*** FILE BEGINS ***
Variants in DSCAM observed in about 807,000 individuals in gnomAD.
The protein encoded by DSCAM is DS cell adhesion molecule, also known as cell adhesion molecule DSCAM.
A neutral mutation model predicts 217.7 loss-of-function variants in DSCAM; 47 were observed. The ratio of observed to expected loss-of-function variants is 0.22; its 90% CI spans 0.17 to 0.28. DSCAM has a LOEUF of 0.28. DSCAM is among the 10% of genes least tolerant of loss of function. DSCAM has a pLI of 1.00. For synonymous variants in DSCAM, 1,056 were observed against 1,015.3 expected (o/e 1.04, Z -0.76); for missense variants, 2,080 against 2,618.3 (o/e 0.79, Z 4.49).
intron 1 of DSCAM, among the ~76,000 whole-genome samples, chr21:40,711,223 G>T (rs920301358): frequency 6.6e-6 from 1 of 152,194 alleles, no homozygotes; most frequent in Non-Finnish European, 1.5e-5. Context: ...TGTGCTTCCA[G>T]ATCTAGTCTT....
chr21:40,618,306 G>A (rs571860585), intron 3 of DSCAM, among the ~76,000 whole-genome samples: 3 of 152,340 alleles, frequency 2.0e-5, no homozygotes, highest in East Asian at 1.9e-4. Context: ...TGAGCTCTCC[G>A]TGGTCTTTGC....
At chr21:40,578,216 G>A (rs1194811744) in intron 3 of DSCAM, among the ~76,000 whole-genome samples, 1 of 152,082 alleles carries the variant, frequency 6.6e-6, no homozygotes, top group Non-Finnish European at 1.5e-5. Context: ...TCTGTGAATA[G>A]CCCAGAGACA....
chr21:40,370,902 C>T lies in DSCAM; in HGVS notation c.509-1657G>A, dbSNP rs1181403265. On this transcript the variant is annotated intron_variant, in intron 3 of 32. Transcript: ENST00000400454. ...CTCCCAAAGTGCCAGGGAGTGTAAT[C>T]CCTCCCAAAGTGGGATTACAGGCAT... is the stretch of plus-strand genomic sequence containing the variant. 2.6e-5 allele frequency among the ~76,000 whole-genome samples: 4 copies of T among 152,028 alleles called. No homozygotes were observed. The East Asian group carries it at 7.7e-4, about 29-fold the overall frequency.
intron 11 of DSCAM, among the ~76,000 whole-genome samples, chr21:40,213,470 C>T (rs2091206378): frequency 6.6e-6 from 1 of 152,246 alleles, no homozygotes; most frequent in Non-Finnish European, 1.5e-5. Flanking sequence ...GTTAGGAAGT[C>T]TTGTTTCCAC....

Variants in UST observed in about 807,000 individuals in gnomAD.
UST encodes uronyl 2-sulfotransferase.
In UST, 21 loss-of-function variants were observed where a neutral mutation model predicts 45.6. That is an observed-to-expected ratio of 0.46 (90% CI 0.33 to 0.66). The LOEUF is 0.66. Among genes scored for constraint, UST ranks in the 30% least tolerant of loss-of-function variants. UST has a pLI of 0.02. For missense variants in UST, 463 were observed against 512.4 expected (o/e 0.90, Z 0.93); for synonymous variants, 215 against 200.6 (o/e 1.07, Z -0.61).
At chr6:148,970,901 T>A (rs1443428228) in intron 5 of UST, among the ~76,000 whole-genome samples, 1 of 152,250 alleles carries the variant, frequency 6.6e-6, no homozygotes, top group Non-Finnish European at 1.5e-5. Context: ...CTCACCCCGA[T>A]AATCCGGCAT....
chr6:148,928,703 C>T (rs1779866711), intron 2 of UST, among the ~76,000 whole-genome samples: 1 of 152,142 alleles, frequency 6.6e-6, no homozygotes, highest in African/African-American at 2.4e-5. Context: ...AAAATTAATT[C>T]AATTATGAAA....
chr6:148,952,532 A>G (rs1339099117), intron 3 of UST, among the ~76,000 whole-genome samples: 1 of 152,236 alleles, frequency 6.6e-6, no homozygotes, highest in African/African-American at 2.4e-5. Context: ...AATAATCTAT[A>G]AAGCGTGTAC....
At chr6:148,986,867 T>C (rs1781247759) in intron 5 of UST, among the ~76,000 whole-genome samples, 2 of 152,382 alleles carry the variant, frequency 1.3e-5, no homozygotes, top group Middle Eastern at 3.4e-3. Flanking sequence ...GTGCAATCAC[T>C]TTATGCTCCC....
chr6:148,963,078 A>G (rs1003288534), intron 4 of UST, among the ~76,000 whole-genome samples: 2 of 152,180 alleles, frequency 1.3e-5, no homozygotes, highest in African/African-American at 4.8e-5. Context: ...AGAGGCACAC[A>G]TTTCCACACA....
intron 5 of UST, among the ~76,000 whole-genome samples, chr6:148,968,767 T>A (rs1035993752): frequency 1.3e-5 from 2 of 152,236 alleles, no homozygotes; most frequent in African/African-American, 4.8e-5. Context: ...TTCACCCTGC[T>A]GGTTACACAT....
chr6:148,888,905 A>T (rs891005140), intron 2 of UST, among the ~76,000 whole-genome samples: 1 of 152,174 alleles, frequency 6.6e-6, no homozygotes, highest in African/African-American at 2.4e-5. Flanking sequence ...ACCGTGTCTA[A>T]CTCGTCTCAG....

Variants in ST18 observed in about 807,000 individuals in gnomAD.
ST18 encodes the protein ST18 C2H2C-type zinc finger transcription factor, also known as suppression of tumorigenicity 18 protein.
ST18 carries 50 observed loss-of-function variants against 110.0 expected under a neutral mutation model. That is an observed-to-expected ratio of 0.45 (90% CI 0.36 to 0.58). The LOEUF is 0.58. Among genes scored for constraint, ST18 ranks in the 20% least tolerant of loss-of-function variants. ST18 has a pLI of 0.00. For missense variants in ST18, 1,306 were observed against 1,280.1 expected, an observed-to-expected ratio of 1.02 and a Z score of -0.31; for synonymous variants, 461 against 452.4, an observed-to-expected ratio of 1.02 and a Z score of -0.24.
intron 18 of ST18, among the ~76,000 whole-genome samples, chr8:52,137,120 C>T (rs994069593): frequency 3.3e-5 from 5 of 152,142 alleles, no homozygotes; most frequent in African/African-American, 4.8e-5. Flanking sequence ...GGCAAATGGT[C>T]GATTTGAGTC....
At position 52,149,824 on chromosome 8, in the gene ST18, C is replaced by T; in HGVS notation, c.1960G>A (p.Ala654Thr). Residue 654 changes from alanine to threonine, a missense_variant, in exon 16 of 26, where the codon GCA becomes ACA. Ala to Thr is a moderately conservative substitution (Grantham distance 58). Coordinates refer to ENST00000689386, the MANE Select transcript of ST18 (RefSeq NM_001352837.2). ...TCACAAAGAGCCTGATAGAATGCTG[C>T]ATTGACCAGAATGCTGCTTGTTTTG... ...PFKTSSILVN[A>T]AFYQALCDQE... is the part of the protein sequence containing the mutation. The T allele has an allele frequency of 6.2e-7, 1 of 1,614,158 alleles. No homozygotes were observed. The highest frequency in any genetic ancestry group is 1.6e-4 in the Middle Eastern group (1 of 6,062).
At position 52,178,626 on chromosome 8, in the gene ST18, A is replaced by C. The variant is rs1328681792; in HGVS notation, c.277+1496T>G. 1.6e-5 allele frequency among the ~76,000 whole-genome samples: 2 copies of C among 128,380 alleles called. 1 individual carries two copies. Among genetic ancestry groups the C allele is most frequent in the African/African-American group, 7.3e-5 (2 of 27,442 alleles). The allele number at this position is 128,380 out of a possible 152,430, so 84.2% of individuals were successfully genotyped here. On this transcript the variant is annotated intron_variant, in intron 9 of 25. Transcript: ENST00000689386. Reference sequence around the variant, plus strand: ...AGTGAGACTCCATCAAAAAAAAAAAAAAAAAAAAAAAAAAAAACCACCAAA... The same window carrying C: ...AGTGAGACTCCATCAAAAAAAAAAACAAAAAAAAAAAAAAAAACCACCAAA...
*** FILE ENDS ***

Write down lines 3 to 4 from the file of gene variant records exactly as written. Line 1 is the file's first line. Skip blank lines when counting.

A neutral mutation model predicts 217.7 loss-of-function variants in DSCAM; 47 were observed. The ratio of observed to expected loss-of-function variants is 0.22; its 90% CI spans 0.17 to 0.28. DSCAM has a LOEUF of 0.28. DSCAM is among the 10% of genes least tolerant of loss of function. DSCAM has a pLI of 1.00. For synonymous variants in DSCAM, 1,056 were observed against 1,015.3 expected (o/e 1.04, Z -0.76); for missense variants, 2,080 against 2,618.3 (o/e 0.79, Z 4.49).
intron 1 of DSCAM, among the ~76,000 whole-genome samples, chr21:40,711,223 G>T (rs920301358): frequency 6.6e-6 from 1 of 152,194 alleles, no homozygotes; most frequent in Non-Finnish European, 1.5e-5. Context: ...TGTGCTTCCA[G>T]ATCTAGTCTT....